April 02, 2004
Park Dietz, man of opinions

I haven't really been following the trial of Deanna Laney, the East Texas woman on trial for killing two of her children by stoning them to death (a third child survived), but I did notice that everyone's favorite professional witness, Dr. Park Dietz, had made an appearance.

"In a series of experiences she came to believe God told her to kill her children," Dietz said. "She was able to give detailed information on how god told her to kill her children."

That detailed information was shown in a nearly hour long video tape of Dietz interview with Laney. It was the jury's first chance to hear from laney herself. While the video played for the jury, Laney sat staring into her lap, quietly crying. After the tape, lead defense attorney Buck Files tried to drill home the point that Dr. Dietz has never waivered in his findings.

"Do you have an opinion as to whether or not on may 10, 2003 that Deanna Laney, did not know that her conduct was wrong?" Files asked.

"I do have an opinion," answered Dietz.

"What is that opinion?" asked Files.

"It's my opinion at that time, because of her severe mental disease, Mrs. Laney did not know that her conduct was wrong," concluded Dietz.

Despite the fact that Dr. Dietz was hired by prosecutors for this case, District Attorney Matt Bingham almost seemed to spar with him a little on his answers.

"So then your conclusions are absolute?" Bingham asked. "She was absolutely insane?"

"Whether she was insane is for the jury to determine," answered Dietz.

"The point is, here's a lady that's killed two of her kids and injured a third. You cannot sit on that stand and say absolutely that she did not know her conduct was wrong," commented Bingham. "You can say in your opinion, but not absolute."

"It is my opinion," answered Dietz."

I would dearly love to know what distinguishes Deanna Laney from Andrea Yates in Dr. Dietz' mind. Maybe there is a crucial distinction that I'm missing, I don't know. But I sure would like to know.

This Tyler Morning Telegraph article does a really good job of covering the history and debate over Texas' oft-reviled insanity defense law. Andrea Yates makes an appearance here as well.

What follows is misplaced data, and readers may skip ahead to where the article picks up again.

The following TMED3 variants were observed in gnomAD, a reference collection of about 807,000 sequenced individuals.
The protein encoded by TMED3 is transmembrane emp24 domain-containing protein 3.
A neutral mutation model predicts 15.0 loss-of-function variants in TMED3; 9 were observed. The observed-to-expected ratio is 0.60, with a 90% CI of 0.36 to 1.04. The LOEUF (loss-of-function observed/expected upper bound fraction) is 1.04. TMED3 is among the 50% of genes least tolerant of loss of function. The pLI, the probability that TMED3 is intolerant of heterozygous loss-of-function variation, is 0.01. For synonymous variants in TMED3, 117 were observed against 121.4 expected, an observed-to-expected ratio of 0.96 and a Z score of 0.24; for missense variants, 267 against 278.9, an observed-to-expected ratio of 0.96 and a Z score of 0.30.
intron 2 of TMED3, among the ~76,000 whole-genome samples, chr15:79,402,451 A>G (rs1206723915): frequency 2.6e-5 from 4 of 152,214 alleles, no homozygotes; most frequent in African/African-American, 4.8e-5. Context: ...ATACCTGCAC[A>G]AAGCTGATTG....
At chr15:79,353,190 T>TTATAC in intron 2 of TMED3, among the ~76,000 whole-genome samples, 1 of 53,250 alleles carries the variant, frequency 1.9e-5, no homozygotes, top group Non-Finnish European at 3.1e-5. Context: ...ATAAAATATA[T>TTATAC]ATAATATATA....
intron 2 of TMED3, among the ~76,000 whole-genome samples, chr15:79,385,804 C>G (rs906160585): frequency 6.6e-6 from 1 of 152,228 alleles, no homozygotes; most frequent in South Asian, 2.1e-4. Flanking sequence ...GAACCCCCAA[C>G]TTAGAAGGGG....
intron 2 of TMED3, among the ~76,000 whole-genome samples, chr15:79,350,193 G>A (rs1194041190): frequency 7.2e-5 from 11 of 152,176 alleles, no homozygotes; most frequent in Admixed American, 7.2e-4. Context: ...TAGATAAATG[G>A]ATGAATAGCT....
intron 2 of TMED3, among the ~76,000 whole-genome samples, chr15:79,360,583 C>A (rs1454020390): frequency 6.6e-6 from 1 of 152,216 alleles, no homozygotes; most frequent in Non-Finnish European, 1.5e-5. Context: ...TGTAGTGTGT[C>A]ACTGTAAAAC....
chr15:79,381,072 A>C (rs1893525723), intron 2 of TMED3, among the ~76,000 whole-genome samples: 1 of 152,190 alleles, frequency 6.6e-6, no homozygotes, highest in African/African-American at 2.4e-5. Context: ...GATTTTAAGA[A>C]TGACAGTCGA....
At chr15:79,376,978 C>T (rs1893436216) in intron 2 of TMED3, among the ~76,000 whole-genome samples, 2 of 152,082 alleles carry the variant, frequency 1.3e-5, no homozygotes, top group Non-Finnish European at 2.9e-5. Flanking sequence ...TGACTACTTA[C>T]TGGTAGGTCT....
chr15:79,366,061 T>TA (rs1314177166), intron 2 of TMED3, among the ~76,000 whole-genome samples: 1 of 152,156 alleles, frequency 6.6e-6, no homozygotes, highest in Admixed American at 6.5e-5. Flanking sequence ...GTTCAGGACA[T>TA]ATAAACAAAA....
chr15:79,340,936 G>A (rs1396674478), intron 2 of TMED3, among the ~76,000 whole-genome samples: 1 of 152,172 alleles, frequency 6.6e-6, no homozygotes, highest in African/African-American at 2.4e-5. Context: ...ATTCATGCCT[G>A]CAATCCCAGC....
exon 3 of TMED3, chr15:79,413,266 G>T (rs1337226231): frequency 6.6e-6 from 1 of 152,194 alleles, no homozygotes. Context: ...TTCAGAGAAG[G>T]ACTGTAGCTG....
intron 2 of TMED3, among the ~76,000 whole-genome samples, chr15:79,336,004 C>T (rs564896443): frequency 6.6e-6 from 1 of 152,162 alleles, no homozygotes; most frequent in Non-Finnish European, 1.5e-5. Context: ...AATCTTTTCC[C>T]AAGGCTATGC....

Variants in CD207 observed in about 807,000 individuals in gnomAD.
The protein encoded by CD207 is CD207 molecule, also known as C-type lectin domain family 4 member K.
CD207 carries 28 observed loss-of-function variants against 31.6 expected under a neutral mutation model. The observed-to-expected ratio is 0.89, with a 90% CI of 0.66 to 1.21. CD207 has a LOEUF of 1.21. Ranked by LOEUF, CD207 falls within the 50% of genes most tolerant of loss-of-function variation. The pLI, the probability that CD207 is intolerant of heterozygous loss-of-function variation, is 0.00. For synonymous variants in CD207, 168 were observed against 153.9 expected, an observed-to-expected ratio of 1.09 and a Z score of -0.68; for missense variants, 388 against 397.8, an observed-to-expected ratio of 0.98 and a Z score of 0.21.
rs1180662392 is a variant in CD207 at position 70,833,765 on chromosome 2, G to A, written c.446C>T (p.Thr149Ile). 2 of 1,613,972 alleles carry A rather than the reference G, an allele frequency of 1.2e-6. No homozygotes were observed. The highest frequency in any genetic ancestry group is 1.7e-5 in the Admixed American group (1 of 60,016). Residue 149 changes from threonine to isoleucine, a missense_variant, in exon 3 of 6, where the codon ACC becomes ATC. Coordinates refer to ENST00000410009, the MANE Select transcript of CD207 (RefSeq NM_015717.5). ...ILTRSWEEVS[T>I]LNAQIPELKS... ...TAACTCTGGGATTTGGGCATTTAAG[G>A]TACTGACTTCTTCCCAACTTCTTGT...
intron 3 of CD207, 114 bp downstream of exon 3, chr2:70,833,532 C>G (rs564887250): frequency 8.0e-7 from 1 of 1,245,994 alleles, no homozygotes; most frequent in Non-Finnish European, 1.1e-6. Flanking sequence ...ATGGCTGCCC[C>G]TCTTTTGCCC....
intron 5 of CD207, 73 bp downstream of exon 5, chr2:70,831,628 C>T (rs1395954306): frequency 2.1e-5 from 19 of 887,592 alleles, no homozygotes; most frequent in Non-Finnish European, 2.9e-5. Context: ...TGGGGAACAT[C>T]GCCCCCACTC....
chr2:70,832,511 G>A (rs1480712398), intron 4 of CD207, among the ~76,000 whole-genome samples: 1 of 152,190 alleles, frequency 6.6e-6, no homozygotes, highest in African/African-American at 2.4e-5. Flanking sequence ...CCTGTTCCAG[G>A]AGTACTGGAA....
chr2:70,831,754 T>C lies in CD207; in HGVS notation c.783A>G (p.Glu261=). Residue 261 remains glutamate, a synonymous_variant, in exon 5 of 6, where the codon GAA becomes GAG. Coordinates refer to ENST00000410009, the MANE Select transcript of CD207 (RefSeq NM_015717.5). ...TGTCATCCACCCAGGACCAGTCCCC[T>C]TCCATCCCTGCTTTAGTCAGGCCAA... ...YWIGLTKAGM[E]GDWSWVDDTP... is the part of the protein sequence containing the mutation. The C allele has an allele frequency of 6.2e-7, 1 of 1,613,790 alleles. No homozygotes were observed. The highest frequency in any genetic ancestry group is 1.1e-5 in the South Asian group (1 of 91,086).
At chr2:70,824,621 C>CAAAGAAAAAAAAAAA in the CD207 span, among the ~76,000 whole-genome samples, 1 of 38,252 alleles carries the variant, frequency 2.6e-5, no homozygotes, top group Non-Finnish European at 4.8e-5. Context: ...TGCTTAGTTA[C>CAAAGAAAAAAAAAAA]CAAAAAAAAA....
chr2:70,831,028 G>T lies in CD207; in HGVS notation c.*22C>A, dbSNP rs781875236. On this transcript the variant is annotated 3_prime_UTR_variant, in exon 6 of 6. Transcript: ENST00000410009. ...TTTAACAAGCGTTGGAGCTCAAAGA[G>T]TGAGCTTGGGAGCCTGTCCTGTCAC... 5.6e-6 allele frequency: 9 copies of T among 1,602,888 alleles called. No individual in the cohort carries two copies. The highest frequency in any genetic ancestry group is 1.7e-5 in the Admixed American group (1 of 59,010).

George Parnham, Mrs. Yates' defense attorney, has become one of Texas' most outspoken critics of the state's insanity standard. He argued that Mrs. Yates became psychotic as the result of postpartum depression, and thought killing her children would save them from Satan. He says he has spoken to F.R. "Buck" Files, Mrs. Laney's defense attorney, but is not part of the defense team.

"We go back to the word 'know,'" Parnham says. "Does 'know' mean a perception on the part of the sick person that society would view her actions as being illegal or wrong, but she knows them to be right? The danger is that what we do with our (Texas) standard is impose our own logic - our own logic that is unfettered by mental disease. If you're psychotic, you live in a different real world."

Parnham says that in a "utopian atmosphere," mentally ill killers could get treatment without a jury trial. "But I don't know if we're ever going to reach that," he says.

Not in my lifetime, I expect.

One last thing, from the Chron story about the Laney trial:

Prosecutors have struggled to discredit their own psychiatric witnesses to prove that Deanna Laney knew her actions were wrong and is guilty.

Above all, they tried to convince jurors that regardless of whether Deanna Laney believed she was doing right by God, she had to have known she was doing wrong by state law. Her first call, prosecutors pointed out, was to 911 to summon authorities.